In “What We Keep,” we asked a handful of alumni to share stories of their most-treasured objects. The article made us wonder, “What object at the University might be considered the most significant and revered?” Gary Krenz (pictured), director of post-bicentennial planning at the U-M Bentley Historical Library and a member of the Detroit Observatory team, writes about one, or rather two, particularly strong contenders.
Tucked away on the hill between Couzens and Alice Lloyd residence halls is a University gem, a little building that looms large in the history of U-M and American higher education: the Detroit Observatory. Naturally, people think it is located in Detroit, but it sits here in Ann Arbor.
The story of the observatory starts with Henry Philip Tappan, the first president of the University. Well known for his views on higher education, he believed in the creation of what he considered a “true” university, one dedicated not just to classical education but to research, more like German than American universities. When U-M’s board of regents appointed him president in 1852, he saw his opportunity.
In his inaugural address, Tappan made his case. Henry Walker, a Detroit businessman in the audience, asked Tappan how he could help. Soon after, they formed a partnership that raised funds from Detroit businesses and philanthropic leaders to construct an astronomical observatory.
Upon its opening in 1854, it became Michigan’s first observatory and U-M’s first research building. It also housed the University’s first major research instruments: two state-of-the-art telescopes. Tappan named it the Detroit Observatory, wanting to recognize these early, critical donors.
While the observatory was under construction, Tappan traveled to Europe and received a triple reward for his efforts.
The first was the telescope itself (pictured at top of photo above), a high-precision, 6-inch-diameter brass meridian circle telescope from the Berlin firm Pistor & Martins. It could pinpoint with great accuracy the celestial coordinates of stars. The data were used to study those stars in greater detail with the observatory’s larger, 12-inch refracting telescope. Made in New York by Henry Fitz, that telescope was one of the largest in the world (and in 1997 was completely restored).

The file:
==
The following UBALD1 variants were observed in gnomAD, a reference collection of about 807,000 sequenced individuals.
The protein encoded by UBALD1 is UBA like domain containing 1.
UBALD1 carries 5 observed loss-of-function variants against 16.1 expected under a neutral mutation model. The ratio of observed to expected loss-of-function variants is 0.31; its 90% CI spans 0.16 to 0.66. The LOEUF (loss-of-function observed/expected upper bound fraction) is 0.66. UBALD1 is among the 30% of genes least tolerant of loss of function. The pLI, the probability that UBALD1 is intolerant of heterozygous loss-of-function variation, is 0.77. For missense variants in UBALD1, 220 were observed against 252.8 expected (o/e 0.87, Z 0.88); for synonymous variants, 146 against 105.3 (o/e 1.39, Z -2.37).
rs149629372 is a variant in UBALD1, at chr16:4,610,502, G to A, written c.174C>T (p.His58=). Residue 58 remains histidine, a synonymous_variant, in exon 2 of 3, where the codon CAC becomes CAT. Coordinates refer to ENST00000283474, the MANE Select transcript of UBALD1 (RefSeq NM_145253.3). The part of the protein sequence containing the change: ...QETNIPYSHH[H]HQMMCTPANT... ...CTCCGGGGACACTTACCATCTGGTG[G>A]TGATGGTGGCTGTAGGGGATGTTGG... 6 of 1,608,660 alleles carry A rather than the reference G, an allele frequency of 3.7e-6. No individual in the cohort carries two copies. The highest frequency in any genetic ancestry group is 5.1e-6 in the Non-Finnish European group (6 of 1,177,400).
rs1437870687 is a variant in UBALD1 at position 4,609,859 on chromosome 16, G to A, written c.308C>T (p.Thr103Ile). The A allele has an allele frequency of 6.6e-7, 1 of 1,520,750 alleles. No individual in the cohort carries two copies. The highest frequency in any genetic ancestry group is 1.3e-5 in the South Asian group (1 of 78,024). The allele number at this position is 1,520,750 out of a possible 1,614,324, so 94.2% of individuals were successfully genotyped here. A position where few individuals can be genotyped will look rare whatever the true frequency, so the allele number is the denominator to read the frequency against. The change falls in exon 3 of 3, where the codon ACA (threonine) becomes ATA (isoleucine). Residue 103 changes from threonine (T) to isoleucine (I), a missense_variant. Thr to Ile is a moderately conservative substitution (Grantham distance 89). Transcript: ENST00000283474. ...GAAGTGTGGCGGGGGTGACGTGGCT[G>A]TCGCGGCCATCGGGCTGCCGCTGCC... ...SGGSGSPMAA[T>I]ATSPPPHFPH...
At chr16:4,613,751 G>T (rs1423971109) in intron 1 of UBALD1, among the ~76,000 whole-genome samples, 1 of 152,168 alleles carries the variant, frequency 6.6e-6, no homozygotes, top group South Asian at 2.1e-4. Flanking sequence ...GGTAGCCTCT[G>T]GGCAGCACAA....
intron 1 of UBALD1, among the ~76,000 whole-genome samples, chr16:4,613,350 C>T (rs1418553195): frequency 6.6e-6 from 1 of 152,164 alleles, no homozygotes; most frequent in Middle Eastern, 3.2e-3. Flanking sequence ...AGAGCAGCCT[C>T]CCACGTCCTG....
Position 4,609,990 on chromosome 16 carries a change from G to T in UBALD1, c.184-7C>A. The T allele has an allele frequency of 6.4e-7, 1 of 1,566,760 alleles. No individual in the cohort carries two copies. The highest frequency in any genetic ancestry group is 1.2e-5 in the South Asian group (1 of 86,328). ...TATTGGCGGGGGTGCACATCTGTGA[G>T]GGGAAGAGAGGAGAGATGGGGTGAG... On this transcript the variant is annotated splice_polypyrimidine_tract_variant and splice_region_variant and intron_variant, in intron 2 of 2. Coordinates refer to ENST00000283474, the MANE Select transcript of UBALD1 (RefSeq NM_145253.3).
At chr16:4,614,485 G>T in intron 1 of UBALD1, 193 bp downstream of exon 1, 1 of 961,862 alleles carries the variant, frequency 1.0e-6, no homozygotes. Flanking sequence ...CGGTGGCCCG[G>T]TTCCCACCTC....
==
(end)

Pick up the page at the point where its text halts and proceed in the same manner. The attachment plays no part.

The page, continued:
But it was the ability of the smaller telescope to track stars as they crossed the meridian that allowed astronomers to pinpoint time. The time signal was telegraphed to Detroit, where a time ball was dropped each day at noon so railroads, ships, businesses, and citizens could adjust their clocks to one common time. “Observatory time” also served for years as the standard time for the state of Michigan.
The second reward came in the form of Franz Brünnow, a rising German astronomer who monitored construction of the meridian telescope and then came to the U.S. to serve as the first director of the observatory. Brünnow, the first PhD on U-M’s faculty, launched the nation’s first mathematically rigorous astronomy department.
The third reward was personal: a lifelong friendship with Brünnow, who married Tappan’s daughter Rebecca in 1857. He became part of an extended family that endured much adversity, including Tappan’s firing by the regents in 1863 despite, or perhaps because of, his ambitious vision for the University.
History has shown that this small building and its telescopes marked a dramatic beginning for U-M, which started in Detroit in 1817. But the Detroit Observatory is also a birthplace: the birthplace of U-M as a “true” university.
As the second-oldest-surviving building on campus, it invites all to immerse themselves in heavenly bodies and learn about the aspirations and accomplishments that made our University. Public viewing nights, using the larger telescope, are held several evenings a month, weather permitting. The meridian circle telescope, all gleaming brass and precision gears, stands in its original mount.
Thanks to a recent authorization by the board of regents, planning is underway for an observatory annex to enhance visitors’ experience. Come visit a place where the sky is the limit.